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Gay rights

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The gay rights movement seeks acceptance for homosexuality and homosexual persons. The movement seeks various changes in public perception as well as in law to provide the same rights to homosexuals as are provided to heterosexuals; some of these changes are controversial.

Gay rights activists dismiss as irrelevant, misguided or malicious views that portray homosexuality as a sin or a perversion. They do not believe that one's sexual orientation might be affected by human volition, referring to homosexuality and heterosexuality equally as unchangeable sexual orientation. Thus they generally are adamant in opposing reparative therapy as well as religious ministries that claim to help volunteers "transition" from homesexuality to heterosexuality.

History and accomplishments

The gay rights movement arose in response to what many activists called discrimination and prejudice against homosexuals.

One of the first (possibly the first?) gay rights activism was centered around Magnus Hirschfeld in pre-World War II Berlin, Germany. The gay rights movement in Germany was almost completely obliterated by Adolf Hitler and the Nazi movement (See Homosexuals in Nazi Germany and Night of the Long Knives.)


In the United States, there were some initial steps toward a gay rights movement with the formation of the Mattachine Society and the publications of Phil Andros[?] in the years immediately following World War II. Also during this time frame Sexual Behavior in the Human Male[?] was published by Alfred Kinsey, a work which was one of the first to look scientifically at the subject of sexuality. Kinsey's incredible assertion, backed by a great deal of research, that approximately 10% of the population was homosexual, was in direct opposition to the prevailing beliefs of the time. Before its publication, homosexuality was not a topic of discussion, generally, but afterwards it began to appear even in mainstream publications such as Time Magazine, Life Magazine, and others.

Despite the entry of the subject into mainstream consciousness very little actual change in the laws or mores of society was seen until the 1960s, the time of the "Sexual Revolution". This was a time of major social upheaval in many social areas, including views of sexuality.

These works, along with other changes in society such as huge migrations to the cities following the War, began to build gay communities in urban centers, and gay people began to have a sense of themselves as a minority group rather than just a few isolated "inverts". While gay bars existed even in the early 20th century, they were very few.

With the rise of the gay community, gay bars became more and more common, and the sense of gay identify strengthened during the 1950s and 1960s. Gay people became less and less accepting of their status as social outcasts and criminals. However, they had little or no political and social power until the late 1960s.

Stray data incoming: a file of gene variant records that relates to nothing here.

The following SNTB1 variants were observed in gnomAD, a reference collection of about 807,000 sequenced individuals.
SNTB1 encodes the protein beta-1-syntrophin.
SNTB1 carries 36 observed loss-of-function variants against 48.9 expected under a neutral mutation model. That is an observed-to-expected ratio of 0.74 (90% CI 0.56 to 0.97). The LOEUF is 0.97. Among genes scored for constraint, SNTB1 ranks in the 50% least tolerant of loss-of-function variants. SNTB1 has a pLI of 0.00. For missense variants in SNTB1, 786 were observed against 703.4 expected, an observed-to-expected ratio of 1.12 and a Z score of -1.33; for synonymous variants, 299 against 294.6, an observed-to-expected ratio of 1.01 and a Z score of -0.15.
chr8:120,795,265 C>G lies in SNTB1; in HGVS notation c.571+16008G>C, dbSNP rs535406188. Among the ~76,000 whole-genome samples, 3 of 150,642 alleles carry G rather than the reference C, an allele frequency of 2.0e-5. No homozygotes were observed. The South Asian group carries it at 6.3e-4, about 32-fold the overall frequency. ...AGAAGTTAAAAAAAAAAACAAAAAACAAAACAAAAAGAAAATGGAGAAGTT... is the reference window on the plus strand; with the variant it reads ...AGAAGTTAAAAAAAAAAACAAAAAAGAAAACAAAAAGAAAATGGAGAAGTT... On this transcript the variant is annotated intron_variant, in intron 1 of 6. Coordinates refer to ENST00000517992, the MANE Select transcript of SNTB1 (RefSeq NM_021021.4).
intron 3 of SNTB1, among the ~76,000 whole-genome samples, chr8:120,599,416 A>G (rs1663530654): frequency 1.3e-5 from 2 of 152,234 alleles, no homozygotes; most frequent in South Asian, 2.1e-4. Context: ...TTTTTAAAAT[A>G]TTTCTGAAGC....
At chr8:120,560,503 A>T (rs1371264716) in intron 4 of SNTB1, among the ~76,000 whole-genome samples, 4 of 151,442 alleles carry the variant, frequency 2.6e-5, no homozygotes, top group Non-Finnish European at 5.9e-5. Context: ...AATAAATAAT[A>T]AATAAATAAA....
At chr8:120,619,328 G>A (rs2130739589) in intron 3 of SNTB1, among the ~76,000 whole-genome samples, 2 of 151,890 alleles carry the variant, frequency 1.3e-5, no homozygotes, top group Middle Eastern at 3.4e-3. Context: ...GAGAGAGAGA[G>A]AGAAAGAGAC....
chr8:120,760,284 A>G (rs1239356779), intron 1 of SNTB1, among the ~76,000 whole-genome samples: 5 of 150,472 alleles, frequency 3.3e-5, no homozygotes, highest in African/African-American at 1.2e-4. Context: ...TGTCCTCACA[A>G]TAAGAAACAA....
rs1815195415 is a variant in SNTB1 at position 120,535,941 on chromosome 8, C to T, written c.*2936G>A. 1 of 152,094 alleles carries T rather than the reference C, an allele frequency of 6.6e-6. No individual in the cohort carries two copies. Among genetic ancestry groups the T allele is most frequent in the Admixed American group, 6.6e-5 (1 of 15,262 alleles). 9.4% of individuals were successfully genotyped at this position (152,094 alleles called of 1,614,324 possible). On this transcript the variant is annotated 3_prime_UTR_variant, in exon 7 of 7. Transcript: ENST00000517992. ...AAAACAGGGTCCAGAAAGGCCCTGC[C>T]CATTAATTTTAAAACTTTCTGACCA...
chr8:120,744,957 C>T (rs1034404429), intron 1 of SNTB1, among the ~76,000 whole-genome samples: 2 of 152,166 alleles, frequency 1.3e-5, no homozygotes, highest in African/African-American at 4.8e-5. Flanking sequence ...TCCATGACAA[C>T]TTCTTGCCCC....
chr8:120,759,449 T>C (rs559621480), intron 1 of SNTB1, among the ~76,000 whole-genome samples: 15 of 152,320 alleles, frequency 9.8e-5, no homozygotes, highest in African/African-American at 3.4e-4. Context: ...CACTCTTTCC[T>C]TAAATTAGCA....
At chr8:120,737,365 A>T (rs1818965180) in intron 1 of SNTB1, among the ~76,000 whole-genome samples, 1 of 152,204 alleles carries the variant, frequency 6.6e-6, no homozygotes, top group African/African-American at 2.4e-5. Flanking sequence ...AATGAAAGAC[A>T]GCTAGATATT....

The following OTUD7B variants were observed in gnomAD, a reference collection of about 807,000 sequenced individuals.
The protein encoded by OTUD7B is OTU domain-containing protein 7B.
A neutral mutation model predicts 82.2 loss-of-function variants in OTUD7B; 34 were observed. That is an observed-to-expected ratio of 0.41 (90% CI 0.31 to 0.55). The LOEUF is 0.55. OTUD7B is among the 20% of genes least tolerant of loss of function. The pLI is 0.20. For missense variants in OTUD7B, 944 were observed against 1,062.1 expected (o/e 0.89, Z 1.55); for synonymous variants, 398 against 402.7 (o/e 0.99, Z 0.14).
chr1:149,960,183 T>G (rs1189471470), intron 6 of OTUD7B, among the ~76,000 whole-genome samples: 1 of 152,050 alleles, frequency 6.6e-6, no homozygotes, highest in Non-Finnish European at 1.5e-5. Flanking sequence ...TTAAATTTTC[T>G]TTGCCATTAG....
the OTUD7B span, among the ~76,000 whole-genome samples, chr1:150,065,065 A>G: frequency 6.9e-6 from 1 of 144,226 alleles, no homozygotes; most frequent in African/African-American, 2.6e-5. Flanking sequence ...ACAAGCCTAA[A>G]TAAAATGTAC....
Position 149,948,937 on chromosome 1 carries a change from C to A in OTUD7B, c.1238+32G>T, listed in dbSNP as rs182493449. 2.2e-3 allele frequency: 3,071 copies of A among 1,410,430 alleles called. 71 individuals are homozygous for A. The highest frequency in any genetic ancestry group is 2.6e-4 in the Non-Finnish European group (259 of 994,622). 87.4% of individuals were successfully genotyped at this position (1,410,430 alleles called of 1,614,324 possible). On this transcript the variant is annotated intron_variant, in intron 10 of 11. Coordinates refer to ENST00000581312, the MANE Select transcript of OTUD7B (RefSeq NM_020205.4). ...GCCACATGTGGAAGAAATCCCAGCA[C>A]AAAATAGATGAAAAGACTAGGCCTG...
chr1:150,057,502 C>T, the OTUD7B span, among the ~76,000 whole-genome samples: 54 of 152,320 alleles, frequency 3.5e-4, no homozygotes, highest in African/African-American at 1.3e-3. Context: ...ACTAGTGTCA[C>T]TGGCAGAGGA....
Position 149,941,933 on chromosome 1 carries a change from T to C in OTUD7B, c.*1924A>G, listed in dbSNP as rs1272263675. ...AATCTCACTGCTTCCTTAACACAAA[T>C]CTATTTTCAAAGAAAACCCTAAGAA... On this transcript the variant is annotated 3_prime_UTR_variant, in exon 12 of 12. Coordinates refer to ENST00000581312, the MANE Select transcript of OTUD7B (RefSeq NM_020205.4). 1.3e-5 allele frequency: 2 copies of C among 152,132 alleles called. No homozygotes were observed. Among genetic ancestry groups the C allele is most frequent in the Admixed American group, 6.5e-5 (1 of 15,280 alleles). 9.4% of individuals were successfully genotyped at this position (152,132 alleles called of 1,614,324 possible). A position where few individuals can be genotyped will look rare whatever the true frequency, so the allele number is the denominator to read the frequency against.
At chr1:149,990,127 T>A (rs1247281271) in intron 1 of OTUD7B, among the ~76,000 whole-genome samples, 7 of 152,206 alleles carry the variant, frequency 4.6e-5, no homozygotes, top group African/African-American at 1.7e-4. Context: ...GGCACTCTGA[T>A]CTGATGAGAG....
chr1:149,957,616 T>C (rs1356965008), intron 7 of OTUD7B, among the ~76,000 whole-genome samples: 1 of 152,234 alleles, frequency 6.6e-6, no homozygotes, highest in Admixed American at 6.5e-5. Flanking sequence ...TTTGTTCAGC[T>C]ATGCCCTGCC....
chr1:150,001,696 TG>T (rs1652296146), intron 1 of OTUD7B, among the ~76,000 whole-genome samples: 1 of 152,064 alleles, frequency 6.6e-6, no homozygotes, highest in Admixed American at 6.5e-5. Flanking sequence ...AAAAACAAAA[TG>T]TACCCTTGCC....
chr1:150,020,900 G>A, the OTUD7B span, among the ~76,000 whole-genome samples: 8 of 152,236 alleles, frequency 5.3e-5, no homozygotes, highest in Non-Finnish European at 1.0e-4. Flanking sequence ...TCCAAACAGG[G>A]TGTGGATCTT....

However, the Stonewall riots of 1969 are considered to be the starting point for the modern gay rights movement, when all of these relatively underground changes reached a breaking point, and gay people began to organize on a large scale and demand legal and social recognition and equality.

The aftermath of the Stonewall riots saw the creation of the Gay Liberation Front[?] (GLF) in New York City. The GLF's 'A Gay Manifesto[?]' set out the aims for the fledgling gay liberation movement. Chapters of the GLF would then spread to other countries. These groups would be the seeds for the various modern gay rights groups that campaign for equality in countries around the globe.

Today, defending homosexuals against homophobia and gay-bashing and other forms of discrimination is a major element of American gay rights, often portrayed as intrinsic to human rights. Indeed, the most powerful gay rights group is called the Human Rights Campaign[?]. Other gay rights organizations include PFLAG[?] and GLAAD[?].

The movement has been successful in some areas. Sodomy laws were repealed or overturned in most states of the United States in the late twentieth century, and all were ruled unconstitutional in the July 2003 ruling on Lawrence v. Texas. Many companies and local governments have clauses in their nondiscrimination policies that prohibit discrimination on the basis of sexual orientation. In some jurisdictions in the U.S., gay bashing is considered a hate crime and given a harsher penalty.

The U.S. state of Vermont, the Canadian provinces of Quebec and Nova Scotia, and some European countries provide the civil union as an alternative to marriage. The Netherlands and Belgium allow same-sex marriage; Canada recognizes common-law marriages between persons of the same sex, and a recent court ruling of the Ontario and Quebec Supreme Courts will require the federal government to grant full marriage rights to same-sex couples within two years. Gay people are now permitted to adopt in some locations, although there are fewer locations where they may adopt children jointly with their partners.

In the cultural arena, similar changes have taken place. Positive and realistic gay characters appear with increasing regularity in television programs and movies.

The main opponents of the advances of the gay rights movement in the US have, in general, been the Christian right and other social conservatives, often under the aegis of the Republican Party.

On March 4, 1998 the Supreme Court of the United States ruled that federal laws banning on-the-job sexual harassment also applied when both parties are the same sex.

See also:

Campaign for Homosexual Law Reform

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